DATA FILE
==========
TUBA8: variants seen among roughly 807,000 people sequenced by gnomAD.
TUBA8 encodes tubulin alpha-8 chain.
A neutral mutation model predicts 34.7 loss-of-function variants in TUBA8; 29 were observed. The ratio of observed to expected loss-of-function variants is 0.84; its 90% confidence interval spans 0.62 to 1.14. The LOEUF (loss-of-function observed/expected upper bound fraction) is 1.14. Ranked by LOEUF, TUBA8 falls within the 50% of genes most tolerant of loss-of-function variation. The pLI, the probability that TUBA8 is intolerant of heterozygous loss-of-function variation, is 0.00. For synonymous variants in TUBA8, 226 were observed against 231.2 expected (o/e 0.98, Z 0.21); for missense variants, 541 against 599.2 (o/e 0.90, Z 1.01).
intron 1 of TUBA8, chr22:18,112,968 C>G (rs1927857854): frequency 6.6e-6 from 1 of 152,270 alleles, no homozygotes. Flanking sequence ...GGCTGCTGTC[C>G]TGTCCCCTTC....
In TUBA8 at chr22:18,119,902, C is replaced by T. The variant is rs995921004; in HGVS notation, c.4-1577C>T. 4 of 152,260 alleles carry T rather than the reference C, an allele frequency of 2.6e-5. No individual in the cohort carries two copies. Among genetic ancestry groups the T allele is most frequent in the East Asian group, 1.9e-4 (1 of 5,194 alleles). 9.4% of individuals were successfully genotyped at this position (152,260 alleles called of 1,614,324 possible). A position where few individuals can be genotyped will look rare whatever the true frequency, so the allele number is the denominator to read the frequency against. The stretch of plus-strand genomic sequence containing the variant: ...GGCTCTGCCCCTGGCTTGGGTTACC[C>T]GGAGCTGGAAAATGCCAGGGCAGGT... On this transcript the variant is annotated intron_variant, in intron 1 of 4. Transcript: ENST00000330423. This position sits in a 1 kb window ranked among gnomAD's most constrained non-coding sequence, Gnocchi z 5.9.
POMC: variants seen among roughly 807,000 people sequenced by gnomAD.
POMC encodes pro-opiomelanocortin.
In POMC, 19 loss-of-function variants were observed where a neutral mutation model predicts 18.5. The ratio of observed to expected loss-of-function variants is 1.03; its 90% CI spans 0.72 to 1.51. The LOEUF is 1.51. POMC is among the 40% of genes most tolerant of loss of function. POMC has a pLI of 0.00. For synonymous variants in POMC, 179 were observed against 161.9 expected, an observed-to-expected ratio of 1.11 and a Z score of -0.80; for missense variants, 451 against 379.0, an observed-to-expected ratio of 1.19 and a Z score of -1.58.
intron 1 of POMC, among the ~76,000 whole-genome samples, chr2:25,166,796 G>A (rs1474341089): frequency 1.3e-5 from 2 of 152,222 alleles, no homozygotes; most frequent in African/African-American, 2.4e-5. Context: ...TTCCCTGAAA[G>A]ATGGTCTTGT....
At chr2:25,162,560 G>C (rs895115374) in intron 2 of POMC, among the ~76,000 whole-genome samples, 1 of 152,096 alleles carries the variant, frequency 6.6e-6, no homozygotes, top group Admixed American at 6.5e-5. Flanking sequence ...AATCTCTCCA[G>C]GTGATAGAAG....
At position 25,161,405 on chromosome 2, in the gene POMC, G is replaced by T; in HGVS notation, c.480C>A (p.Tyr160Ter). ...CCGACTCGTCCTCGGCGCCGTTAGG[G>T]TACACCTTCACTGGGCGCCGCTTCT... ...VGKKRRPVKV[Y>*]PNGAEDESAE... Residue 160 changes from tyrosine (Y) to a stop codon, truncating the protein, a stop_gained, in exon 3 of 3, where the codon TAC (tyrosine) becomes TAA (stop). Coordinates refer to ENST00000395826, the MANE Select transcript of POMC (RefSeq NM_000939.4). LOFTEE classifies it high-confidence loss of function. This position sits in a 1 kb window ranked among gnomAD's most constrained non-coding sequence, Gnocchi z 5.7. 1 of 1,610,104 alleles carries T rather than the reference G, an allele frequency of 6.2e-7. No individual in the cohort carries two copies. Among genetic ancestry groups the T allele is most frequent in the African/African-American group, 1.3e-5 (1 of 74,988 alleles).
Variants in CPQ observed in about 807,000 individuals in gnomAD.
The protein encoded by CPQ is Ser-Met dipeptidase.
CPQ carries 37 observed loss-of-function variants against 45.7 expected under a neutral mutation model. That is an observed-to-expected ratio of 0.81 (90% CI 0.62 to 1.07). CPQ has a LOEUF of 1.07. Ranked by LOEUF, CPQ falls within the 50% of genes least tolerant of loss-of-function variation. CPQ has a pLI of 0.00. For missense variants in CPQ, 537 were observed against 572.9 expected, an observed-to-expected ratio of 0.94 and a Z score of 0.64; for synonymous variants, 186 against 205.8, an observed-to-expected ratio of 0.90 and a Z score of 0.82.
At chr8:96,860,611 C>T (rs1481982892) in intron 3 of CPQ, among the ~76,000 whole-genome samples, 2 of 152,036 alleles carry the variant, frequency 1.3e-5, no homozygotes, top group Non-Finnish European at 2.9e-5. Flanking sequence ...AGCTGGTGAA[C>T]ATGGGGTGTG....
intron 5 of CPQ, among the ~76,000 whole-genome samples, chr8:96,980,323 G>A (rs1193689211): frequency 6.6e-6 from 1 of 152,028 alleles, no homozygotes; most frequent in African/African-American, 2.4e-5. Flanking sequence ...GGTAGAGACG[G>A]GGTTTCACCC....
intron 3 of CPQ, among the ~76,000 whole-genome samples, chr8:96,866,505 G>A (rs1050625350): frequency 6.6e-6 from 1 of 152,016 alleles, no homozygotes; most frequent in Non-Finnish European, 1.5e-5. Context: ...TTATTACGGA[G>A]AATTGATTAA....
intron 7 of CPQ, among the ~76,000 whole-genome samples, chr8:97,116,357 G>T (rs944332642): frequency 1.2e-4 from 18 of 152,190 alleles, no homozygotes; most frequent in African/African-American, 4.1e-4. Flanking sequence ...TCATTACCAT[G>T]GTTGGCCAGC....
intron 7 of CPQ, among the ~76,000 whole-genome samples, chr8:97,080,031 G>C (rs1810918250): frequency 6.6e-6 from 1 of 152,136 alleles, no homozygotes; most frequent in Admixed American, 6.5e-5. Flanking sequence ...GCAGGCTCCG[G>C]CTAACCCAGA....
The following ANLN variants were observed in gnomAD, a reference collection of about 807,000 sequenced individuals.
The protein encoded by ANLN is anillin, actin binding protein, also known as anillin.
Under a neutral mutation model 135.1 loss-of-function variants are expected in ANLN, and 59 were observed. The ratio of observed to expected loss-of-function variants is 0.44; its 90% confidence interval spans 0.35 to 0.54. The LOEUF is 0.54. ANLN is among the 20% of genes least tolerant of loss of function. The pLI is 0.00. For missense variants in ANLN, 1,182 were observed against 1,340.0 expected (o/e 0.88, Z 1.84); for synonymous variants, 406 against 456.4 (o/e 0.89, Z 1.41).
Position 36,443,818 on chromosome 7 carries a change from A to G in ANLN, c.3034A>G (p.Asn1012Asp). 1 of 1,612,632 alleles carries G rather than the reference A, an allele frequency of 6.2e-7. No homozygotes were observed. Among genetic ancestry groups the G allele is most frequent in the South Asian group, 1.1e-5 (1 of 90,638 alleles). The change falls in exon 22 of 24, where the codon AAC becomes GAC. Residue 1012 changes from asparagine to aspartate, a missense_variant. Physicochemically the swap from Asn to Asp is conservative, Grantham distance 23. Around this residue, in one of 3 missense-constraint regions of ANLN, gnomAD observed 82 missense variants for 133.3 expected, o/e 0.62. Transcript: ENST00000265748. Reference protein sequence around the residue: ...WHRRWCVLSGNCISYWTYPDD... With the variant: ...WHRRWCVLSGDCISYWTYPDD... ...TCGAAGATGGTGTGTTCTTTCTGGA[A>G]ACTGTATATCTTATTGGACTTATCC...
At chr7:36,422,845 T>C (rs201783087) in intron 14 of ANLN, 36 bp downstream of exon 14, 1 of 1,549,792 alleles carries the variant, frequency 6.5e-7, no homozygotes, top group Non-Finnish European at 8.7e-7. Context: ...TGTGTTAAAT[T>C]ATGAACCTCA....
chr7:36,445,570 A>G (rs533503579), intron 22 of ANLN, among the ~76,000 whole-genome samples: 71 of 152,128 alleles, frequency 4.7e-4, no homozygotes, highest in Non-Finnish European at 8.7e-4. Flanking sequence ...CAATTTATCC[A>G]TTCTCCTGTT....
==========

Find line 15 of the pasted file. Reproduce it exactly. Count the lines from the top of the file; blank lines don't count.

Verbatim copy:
At chr8:96,860,611 C>T (rs1481982892) in intron 3 of CPQ, among the ~76,000 whole-genome samples, 2 of 152,036 alleles carry the variant, frequency 1.3e-5, no homozygotes, top group Non-Finnish European at 2.9e-5. Flanking sequence ...AGCTGGTGAA[C>T]ATGGGGTGTG....